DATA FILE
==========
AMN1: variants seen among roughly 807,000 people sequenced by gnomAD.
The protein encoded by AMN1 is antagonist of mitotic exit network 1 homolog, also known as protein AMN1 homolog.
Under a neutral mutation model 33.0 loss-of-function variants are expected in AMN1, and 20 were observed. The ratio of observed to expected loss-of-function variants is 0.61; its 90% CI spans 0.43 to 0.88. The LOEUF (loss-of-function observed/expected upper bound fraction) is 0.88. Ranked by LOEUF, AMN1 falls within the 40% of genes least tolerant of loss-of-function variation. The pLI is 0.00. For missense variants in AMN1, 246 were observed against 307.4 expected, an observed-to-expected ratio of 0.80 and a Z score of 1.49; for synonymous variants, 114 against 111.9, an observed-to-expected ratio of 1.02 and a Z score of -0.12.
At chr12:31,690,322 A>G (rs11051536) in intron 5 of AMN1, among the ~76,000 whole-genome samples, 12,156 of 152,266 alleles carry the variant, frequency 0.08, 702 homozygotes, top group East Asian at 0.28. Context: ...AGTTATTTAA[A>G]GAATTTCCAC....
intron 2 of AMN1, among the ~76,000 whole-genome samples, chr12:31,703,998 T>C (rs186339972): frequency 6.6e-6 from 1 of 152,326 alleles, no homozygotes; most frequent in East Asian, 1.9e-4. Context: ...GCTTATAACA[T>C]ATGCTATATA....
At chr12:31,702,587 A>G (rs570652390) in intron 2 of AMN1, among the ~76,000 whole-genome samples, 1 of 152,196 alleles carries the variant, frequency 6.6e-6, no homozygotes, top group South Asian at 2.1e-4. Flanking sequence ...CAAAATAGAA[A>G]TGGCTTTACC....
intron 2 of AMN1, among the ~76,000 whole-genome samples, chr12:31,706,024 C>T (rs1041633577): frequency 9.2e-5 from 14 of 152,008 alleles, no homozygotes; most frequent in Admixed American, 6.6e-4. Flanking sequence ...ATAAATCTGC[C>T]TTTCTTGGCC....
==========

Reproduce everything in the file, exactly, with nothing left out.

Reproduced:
AMN1: variants seen among roughly 807,000 people sequenced by gnomAD.
The protein encoded by AMN1 is antagonist of mitotic exit network 1 homolog, also known as protein AMN1 homolog.
Under a neutral mutation model 33.0 loss-of-function variants are expected in AMN1, and 20 were observed. The ratio of observed to expected loss-of-function variants is 0.61; its 90% CI spans 0.43 to 0.88. The LOEUF (loss-of-function observed/expected upper bound fraction) is 0.88. Ranked by LOEUF, AMN1 falls within the 40% of genes least tolerant of loss-of-function variation. The pLI is 0.00. For missense variants in AMN1, 246 were observed against 307.4 expected, an observed-to-expected ratio of 0.80 and a Z score of 1.49; for synonymous variants, 114 against 111.9, an observed-to-expected ratio of 1.02 and a Z score of -0.12.
At chr12:31,690,322 A>G (rs11051536) in intron 5 of AMN1, among the ~76,000 whole-genome samples, 12,156 of 152,266 alleles carry the variant, frequency 0.08, 702 homozygotes, top group East Asian at 0.28. Context: ...AGTTATTTAA[A>G]GAATTTCCAC....
intron 2 of AMN1, among the ~76,000 whole-genome samples, chr12:31,703,998 T>C (rs186339972): frequency 6.6e-6 from 1 of 152,326 alleles, no homozygotes; most frequent in East Asian, 1.9e-4. Context: ...GCTTATAACA[T>C]ATGCTATATA....
At chr12:31,702,587 A>G (rs570652390) in intron 2 of AMN1, among the ~76,000 whole-genome samples, 1 of 152,196 alleles carries the variant, frequency 6.6e-6, no homozygotes, top group South Asian at 2.1e-4. Flanking sequence ...CAAAATAGAA[A>G]TGGCTTTACC....
intron 2 of AMN1, among the ~76,000 whole-genome samples, chr12:31,706,024 C>T (rs1041633577): frequency 9.2e-5 from 14 of 152,008 alleles, no homozygotes; most frequent in Admixed American, 6.6e-4. Flanking sequence ...ATAAATCTGC[C>T]TTTCTTGGCC....